Sun Investigates

City official discussed 'tap' of employee's emails over suspected speed camera leak

A Baltimore transportation official asked the agency's director if he'd been able to "tap into" email records of an employee suspected of leaking information to The Baltimore Sun about the city's troubled speed camera program, according to records obtained under the Public Information Act.

The question came in a Dec. 18 email from James Harkness, the head of the division that oversees the mothballed speed and red-light camera program.


"Were you able to tap into email records of the individual I suspect of being the 'source' in Luke's article?" Harkness asked Transportation Director William M. Johnson, referring to Sun reporter Luke Broadwater. (Editor's note: Sun reporter Scott Calvert also has reported extensively on speed cameras.)

Harkness sent the email on the day the Board of Estimates agreed to pay Brekford Corp. $600,000 to terminate its five-year contract. A month earlier, The Sun reported that the city was moving to cut ties, citing sources familiar with talks between the city and the Anne Arundel County firm.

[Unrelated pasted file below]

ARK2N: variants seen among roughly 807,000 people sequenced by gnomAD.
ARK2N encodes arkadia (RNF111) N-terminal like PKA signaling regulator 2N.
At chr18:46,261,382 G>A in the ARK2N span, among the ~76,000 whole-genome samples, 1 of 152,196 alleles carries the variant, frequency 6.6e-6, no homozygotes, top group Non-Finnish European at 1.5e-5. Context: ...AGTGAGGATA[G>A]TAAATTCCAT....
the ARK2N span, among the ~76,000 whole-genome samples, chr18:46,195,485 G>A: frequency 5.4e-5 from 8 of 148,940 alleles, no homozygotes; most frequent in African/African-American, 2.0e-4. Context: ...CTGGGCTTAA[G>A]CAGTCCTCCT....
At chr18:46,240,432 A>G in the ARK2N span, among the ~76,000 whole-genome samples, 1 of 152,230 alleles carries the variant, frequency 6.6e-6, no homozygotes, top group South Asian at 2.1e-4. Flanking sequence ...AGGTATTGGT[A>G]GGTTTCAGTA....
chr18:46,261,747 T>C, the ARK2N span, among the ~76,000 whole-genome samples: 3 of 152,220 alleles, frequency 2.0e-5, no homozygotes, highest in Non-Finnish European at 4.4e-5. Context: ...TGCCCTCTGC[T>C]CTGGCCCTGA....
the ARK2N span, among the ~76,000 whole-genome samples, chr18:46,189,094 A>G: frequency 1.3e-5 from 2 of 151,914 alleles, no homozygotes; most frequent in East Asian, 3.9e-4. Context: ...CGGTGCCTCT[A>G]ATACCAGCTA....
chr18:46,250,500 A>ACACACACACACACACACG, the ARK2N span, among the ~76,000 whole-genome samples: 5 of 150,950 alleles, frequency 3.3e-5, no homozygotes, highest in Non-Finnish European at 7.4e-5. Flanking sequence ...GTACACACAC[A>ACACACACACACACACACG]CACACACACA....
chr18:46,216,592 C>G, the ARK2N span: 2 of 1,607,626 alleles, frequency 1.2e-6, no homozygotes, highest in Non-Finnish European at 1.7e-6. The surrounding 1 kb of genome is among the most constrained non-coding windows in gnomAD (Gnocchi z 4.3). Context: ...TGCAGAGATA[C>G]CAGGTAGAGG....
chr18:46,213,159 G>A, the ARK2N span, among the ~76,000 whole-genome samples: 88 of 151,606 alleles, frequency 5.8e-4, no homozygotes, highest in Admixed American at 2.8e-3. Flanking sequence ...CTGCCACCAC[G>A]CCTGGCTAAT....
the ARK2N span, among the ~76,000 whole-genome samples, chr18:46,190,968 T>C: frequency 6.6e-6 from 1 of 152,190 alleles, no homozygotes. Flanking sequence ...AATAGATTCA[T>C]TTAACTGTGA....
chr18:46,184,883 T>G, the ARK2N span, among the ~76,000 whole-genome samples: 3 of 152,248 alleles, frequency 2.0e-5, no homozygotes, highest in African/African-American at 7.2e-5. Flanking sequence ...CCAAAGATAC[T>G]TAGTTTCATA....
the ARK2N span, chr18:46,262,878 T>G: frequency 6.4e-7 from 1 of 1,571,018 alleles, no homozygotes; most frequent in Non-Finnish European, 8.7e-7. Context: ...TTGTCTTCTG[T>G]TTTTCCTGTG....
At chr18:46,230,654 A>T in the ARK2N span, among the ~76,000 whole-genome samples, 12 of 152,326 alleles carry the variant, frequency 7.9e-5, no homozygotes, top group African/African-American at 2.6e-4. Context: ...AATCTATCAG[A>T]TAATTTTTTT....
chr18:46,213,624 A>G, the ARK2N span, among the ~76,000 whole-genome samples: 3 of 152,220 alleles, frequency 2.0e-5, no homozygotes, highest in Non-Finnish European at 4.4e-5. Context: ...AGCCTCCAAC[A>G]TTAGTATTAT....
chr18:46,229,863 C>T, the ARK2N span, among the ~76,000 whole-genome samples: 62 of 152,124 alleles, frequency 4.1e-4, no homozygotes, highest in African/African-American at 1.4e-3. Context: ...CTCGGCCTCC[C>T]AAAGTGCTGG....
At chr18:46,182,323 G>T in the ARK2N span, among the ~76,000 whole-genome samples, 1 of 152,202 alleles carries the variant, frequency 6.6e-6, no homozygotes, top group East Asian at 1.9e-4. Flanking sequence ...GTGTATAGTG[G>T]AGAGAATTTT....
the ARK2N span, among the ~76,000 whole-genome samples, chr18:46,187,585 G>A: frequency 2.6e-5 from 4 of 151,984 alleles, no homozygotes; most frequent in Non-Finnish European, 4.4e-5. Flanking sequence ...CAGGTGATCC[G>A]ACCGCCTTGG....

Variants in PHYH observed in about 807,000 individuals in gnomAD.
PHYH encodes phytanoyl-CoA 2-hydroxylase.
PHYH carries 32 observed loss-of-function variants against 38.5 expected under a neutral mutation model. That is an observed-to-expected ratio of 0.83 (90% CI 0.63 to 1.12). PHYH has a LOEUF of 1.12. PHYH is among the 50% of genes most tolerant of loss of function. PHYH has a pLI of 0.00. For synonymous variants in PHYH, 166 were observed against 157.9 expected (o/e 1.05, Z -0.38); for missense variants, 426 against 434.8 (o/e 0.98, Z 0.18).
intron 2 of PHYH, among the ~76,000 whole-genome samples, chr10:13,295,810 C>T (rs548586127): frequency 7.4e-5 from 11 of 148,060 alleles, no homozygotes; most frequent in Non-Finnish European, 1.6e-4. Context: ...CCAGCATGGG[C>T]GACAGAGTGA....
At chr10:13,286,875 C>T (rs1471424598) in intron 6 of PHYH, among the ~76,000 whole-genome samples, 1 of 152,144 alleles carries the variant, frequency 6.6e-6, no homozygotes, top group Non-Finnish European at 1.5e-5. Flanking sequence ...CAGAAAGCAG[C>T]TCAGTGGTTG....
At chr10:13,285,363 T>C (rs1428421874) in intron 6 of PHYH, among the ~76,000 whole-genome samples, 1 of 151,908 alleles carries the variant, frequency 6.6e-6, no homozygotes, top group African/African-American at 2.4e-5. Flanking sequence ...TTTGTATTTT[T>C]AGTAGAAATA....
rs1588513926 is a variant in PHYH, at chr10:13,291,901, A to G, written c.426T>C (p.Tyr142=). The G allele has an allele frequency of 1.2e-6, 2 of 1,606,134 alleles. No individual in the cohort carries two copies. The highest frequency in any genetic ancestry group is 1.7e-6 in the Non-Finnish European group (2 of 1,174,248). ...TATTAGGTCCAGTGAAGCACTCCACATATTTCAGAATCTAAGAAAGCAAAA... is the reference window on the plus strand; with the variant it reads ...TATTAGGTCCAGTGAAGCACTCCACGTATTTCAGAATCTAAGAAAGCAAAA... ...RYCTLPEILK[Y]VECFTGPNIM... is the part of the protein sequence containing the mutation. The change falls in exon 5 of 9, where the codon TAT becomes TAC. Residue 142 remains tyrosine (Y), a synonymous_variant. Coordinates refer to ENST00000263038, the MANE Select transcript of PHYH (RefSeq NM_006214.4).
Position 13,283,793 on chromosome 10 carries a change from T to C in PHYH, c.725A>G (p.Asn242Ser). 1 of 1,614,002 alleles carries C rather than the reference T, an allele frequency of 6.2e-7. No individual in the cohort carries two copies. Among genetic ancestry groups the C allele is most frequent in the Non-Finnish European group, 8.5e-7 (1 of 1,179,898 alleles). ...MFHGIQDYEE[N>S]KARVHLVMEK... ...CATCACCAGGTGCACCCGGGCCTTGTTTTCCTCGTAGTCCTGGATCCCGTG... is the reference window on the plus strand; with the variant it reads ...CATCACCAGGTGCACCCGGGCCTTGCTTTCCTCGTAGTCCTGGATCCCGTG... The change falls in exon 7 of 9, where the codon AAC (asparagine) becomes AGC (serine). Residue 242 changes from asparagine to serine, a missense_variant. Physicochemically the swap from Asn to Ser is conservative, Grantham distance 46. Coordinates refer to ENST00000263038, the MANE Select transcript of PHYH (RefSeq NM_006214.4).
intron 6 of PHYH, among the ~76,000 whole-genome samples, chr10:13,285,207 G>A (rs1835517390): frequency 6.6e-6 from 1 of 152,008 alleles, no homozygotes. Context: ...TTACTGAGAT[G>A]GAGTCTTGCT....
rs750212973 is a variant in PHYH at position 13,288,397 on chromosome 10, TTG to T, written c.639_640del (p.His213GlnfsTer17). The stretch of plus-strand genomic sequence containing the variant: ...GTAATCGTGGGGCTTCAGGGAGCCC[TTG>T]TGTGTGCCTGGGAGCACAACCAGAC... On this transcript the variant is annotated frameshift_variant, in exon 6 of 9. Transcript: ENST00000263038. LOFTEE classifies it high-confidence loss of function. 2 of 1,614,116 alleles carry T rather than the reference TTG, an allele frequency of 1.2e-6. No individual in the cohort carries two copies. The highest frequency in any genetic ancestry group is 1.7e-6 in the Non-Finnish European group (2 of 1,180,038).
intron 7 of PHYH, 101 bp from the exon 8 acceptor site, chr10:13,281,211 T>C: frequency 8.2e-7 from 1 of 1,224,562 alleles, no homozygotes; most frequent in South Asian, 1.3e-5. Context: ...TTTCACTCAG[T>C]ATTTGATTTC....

The records provided to The Sun do not contain any response from Johnson. Neither he nor Harkness responded directly to questions about the email-tapping query. Instead Kevin Harris, a spokesman for Mayor Stephanie Rawlings-Blake, provided a statement.

"Mr. Harkness was mistaken in his use of the term tap," Harris wrote, "because that term implies that work communications belong to the employee, when in fact those communications belong to the city and are already subject to monitoring to guard against abuse of city equipment as well as ensure employees are doing their jobs while on city time."

Harris said the city's administrative manual makes clear that officials have "the right to access, to intercept, to record, and to disclose any and all communications" on the city's email network, "at any time, with or without notice to anyone."

He noted that city employees see this message when booting up their work computers: "This monitored computer is connected to the City of Baltimore's network and is subject to the City's Electronic Communication policy."

The city "takes seriously any improper or unlawful use or release" of information that could impact city government, Harris said, adding that he cannot comment on "specific or potential" personnel issues. "This is not to say that any employment or personnel action is or is not taking place," he wrote.